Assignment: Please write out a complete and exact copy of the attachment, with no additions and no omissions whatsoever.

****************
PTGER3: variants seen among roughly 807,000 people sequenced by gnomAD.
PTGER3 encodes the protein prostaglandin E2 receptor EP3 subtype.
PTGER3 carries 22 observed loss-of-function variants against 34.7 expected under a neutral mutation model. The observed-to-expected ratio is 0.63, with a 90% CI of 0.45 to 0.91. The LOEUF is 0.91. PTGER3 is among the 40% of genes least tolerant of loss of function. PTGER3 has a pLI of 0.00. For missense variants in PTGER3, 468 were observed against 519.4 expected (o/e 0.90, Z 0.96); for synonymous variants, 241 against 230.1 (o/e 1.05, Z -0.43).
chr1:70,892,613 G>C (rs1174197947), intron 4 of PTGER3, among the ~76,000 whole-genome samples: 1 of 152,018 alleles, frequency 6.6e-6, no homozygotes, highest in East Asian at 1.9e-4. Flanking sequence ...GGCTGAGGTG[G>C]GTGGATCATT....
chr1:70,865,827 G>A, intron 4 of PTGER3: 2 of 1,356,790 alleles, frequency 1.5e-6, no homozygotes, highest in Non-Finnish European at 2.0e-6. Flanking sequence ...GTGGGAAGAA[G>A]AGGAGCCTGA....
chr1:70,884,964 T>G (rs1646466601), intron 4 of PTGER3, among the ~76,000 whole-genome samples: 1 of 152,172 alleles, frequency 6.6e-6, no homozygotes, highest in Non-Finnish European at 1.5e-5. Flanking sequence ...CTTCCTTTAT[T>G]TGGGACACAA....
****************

PTGER3: variants seen among roughly 807,000 people sequenced by gnomAD.
PTGER3 encodes the protein prostaglandin E2 receptor EP3 subtype.
PTGER3 carries 22 observed loss-of-function variants against 34.7 expected under a neutral mutation model. The observed-to-expected ratio is 0.63, with a 90% CI of 0.45 to 0.91. The LOEUF is 0.91. PTGER3 is among the 40% of genes least tolerant of loss of function. PTGER3 has a pLI of 0.00. For missense variants in PTGER3, 468 were observed against 519.4 expected (o/e 0.90, Z 0.96); for synonymous variants, 241 against 230.1 (o/e 1.05, Z -0.43).
chr1:70,892,613 G>C (rs1174197947), intron 4 of PTGER3, among the ~76,000 whole-genome samples: 1 of 152,018 alleles, frequency 6.6e-6, no homozygotes, highest in East Asian at 1.9e-4. Flanking sequence ...GGCTGAGGTG[G>C]GTGGATCATT....
chr1:70,865,827 G>A, intron 4 of PTGER3: 2 of 1,356,790 alleles, frequency 1.5e-6, no homozygotes, highest in Non-Finnish European at 2.0e-6. Flanking sequence ...GTGGGAAGAA[G>A]AGGAGCCTGA....
chr1:70,884,964 T>G (rs1646466601), intron 4 of PTGER3, among the ~76,000 whole-genome samples: 1 of 152,172 alleles, frequency 6.6e-6, no homozygotes, highest in Non-Finnish European at 1.5e-5. Flanking sequence ...CTTCCTTTAT[T>G]TGGGACACAA....